Fear of curse or capture? Kenyatta's Northlands sheep thieves silently return them

Individuals who invaded part of the Kenyatta family-owned Northlands City and stole livestock

Individuals who invaded part of the Kenyatta family-owned Northlands City and stole livestock on March 27, 2023. The invaders forced their way into Northlands through a fence in the Kamakis area on the Eastern Bypass. 

Photo credit: Dennis Ondongo | Nation Media Group

Some of the sheep that were stolen when a gang invaded and carted away animals and trees at Northlands farm in Ruiru, Kiambu County on March 27, 2023, have been returned.

Police sources on Thursday reported that so far 18 sheep have been returned to the farm owned by the family of retired President Uhuru Kenyatta.

People — some believed to be aides of two Nairobi politicians — in cars have been dropping the animals near the farm.

Five of the sheep were on Wednesday night found abandoned at Dandora police station, where enquiries led to security managers at the farm identifying them through special marks on the animals, before they were returned to the farm.

The farm’s security manager, Mr Patrick Masinde, confirmed the return of the animals, saying: “So far we are optimistic with the process, since we have recovered 18.”

He said the recovered sheep are emaciated due to poor husbandry “since these are not traditional breeds that feed anyhow.

“We urge all holding our stock to return them peacefully.”

The raid on the farm came on a day the opposition Azimio coalition was holding countrywide protests, which had been planned for every Monday and Thursday, to push the government to lower the cost of living, and stop selection of electoral commissioners, among other demands.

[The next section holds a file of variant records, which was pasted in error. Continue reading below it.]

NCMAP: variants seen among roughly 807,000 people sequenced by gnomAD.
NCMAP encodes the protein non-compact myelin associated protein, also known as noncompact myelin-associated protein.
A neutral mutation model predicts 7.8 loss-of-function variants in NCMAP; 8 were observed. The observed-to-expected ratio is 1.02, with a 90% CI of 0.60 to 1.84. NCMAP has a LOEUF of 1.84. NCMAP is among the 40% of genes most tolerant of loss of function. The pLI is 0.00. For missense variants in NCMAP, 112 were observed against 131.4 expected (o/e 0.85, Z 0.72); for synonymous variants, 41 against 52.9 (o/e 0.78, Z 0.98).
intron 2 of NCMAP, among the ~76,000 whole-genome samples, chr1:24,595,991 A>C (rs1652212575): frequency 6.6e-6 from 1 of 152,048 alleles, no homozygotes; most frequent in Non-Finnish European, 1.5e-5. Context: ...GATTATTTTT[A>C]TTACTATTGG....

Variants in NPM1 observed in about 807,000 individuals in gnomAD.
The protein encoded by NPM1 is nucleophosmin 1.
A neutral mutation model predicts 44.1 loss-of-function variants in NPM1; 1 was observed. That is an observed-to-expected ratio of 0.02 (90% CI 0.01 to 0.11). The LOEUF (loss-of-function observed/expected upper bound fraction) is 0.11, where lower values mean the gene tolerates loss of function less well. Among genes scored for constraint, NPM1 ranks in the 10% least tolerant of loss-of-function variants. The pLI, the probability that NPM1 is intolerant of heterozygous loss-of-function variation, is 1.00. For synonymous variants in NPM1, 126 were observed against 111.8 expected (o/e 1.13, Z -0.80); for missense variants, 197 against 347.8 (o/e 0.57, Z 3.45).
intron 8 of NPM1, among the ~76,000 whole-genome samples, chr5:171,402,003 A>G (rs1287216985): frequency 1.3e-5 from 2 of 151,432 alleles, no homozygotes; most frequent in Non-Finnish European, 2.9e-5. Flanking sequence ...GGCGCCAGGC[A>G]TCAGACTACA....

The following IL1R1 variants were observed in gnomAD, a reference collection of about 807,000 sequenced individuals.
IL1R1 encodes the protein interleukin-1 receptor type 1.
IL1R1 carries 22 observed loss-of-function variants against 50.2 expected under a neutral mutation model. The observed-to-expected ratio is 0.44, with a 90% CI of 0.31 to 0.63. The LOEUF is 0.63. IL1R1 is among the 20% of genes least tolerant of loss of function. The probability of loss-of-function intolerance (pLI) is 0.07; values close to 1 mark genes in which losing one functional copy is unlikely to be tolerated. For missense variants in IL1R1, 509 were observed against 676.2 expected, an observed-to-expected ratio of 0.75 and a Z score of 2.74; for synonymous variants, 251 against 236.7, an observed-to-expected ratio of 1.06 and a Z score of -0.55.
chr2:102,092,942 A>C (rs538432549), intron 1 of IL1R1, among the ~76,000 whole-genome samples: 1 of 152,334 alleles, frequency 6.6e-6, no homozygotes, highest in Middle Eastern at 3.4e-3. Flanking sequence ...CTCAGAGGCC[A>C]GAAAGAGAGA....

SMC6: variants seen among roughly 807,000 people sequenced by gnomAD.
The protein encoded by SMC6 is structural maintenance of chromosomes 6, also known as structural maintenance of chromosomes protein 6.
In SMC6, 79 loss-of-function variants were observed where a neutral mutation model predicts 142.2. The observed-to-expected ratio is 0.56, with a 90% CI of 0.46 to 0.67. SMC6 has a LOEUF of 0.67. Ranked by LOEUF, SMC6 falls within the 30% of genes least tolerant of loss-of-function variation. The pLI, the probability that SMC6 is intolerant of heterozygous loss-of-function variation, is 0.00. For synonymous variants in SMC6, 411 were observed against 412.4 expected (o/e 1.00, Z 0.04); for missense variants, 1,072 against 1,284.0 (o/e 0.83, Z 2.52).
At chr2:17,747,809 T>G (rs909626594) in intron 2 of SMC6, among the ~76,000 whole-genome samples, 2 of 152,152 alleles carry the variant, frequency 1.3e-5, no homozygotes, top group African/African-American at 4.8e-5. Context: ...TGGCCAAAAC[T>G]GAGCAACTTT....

In the well-coordinated raid that followed public utterances by some Kenya Kwanza politicians inciting invasions on the Kenyatta properties, hundreds of hired hooligans arrived at the farm in lorries, armed with power saws, axes and machetes.

They overwhelmed the private guards on the farm and proceeded to cut down trees, steal sheep and demarcate the land to allocate themselves plots, with some even building structures. The raiders also torched part of the 51,000 acres.

Area police did not respond to numerous distress calls from the security managers and only showed up 24 hours later to assess the damage.

A bi-partisan committee of Parliament has now been formed to discuss the way forward on the demands by Azimio, while the mass action has been called off.

On April 3, elderly women who claimed to have been Mau Mau fighters, while in the Kenyatta family’s Ichaweri village, allegedly uttered a public curse on the raiders, promising them “untoward suffering”.

They allegedly advised those who took away the sheep to voluntarily return them, and at an individual level, seek cleansing to ward off the curse.

On April 10, elders from the Kikuyu Council of Elders’ cultural pillar Kiama Kia Ma, led by Mr Rigami Ciombou, threatened to put a curse on all who disrespect the Kenyatta family “and we want even the bipartisan talks that are being mooted to spare a session to discuss such an act of aggression to a family that carries immense historical importance in the community and the country at large”.

Mr Masinde said he suspected publication of photos in the press showing some of the raiders carrying or herding away the sheep from the farm might have prompted the return of the animals.

Asked whether there were sheep recovered and believed to be among those stolen from Northlands, Ruiru sub-county police commander Alexander Shikondi responded: “You are telling me, and Dandora is not in Kiambu County.”

“We have a multiagency team that was dealing with the matter and immediately various actors submit their reports, we will act accordingly,” said Mr Shikondi when he was asked about the status of investigations into the invasion, destruction and theft at Northlands.